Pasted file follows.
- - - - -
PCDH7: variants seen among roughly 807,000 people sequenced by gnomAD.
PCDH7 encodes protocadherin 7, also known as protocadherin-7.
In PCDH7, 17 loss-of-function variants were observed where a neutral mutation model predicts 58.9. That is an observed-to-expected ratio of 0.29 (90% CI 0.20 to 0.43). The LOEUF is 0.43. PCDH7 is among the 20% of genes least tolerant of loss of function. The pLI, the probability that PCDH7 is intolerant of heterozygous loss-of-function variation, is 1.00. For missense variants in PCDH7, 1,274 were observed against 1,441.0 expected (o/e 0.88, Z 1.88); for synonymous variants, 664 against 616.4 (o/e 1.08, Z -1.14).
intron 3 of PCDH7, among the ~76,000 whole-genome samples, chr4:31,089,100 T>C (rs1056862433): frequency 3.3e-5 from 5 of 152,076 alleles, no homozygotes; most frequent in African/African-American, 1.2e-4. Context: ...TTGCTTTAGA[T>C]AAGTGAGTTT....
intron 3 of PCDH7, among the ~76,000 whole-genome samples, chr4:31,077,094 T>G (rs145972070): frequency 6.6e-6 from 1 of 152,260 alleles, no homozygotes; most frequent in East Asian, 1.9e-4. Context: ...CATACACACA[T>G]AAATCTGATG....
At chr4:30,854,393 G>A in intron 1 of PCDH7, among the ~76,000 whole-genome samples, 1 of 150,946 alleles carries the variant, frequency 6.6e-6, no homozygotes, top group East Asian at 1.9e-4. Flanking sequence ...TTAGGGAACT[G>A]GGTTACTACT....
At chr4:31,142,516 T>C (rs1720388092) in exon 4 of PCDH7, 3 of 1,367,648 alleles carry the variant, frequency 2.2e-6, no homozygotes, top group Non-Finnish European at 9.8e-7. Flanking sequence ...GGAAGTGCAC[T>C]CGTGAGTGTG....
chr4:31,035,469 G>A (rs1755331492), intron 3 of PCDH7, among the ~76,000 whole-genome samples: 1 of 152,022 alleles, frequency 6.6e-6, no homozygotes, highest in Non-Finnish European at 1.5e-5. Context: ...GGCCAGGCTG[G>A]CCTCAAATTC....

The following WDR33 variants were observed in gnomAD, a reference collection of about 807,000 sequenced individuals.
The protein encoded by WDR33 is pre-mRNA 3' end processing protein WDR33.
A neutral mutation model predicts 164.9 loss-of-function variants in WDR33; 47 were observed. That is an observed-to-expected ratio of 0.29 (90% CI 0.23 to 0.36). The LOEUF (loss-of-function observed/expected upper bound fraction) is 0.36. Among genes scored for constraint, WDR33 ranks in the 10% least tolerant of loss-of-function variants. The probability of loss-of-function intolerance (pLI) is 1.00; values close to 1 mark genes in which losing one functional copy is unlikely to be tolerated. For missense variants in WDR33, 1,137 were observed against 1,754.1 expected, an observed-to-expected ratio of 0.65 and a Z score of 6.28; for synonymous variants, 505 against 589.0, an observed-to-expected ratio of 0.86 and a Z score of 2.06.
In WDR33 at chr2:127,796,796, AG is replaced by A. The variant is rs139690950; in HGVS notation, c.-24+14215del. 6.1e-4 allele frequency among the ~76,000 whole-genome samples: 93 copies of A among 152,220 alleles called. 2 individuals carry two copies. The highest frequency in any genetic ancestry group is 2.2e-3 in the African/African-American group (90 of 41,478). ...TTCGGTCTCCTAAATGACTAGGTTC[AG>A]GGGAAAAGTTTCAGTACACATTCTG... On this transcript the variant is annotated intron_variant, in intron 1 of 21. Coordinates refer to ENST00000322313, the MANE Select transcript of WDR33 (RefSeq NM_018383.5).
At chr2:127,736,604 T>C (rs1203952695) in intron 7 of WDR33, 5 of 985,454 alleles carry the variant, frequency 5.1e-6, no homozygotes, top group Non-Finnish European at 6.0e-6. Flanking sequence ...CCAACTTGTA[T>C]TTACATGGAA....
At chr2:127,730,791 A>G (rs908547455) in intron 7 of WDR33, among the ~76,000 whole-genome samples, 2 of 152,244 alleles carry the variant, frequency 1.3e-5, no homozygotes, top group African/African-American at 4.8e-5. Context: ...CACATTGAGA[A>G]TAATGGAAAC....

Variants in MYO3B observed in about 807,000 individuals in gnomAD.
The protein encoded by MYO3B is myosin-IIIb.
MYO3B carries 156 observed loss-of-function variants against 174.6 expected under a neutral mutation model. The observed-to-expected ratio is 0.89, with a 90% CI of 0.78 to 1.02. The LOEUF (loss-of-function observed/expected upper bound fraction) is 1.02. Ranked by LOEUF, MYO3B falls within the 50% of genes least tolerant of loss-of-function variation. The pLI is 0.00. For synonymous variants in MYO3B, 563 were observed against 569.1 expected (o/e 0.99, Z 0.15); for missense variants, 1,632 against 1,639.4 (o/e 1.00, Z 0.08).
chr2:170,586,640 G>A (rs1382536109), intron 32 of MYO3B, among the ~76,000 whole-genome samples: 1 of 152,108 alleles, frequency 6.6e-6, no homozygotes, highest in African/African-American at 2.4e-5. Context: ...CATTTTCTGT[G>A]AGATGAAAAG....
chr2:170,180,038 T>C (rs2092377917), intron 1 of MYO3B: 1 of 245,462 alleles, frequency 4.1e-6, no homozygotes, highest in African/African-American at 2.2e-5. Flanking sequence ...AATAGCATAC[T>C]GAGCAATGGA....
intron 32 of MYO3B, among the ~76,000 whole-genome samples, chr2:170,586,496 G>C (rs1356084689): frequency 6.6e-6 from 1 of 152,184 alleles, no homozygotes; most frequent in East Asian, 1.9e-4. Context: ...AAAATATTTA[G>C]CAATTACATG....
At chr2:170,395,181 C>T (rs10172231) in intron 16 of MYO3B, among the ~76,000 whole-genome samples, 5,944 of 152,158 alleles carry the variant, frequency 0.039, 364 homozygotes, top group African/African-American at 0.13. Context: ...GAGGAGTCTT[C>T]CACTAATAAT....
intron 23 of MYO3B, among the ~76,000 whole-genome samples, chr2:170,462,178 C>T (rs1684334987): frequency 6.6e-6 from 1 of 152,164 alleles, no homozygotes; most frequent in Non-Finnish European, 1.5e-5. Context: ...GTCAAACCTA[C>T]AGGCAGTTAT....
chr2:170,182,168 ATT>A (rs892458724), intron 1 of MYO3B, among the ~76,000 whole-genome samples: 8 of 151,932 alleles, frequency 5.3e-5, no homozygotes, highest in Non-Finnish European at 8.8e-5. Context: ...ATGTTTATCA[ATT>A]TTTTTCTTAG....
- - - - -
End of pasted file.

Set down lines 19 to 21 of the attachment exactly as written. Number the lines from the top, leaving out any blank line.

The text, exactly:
chr2:170,180,038 T>C (rs2092377917), intron 1 of MYO3B: 1 of 245,462 alleles, frequency 4.1e-6, no homozygotes, highest in African/African-American at 2.2e-5. Flanking sequence ...AATAGCATAC[T>C]GAGCAATGGA....
intron 32 of MYO3B, among the ~76,000 whole-genome samples, chr2:170,586,496 G>C (rs1356084689): frequency 6.6e-6 from 1 of 152,184 alleles, no homozygotes; most frequent in East Asian, 1.9e-4. Context: ...AAAATATTTA[G>C]CAATTACATG....
At chr2:170,395,181 C>T (rs10172231) in intron 16 of MYO3B, among the ~76,000 whole-genome samples, 5,944 of 152,158 alleles carry the variant, frequency 0.039, 364 homozygotes, top group African/African-American at 0.13. Context: ...GAGGAGTCTT[C>T]CACTAATAAT....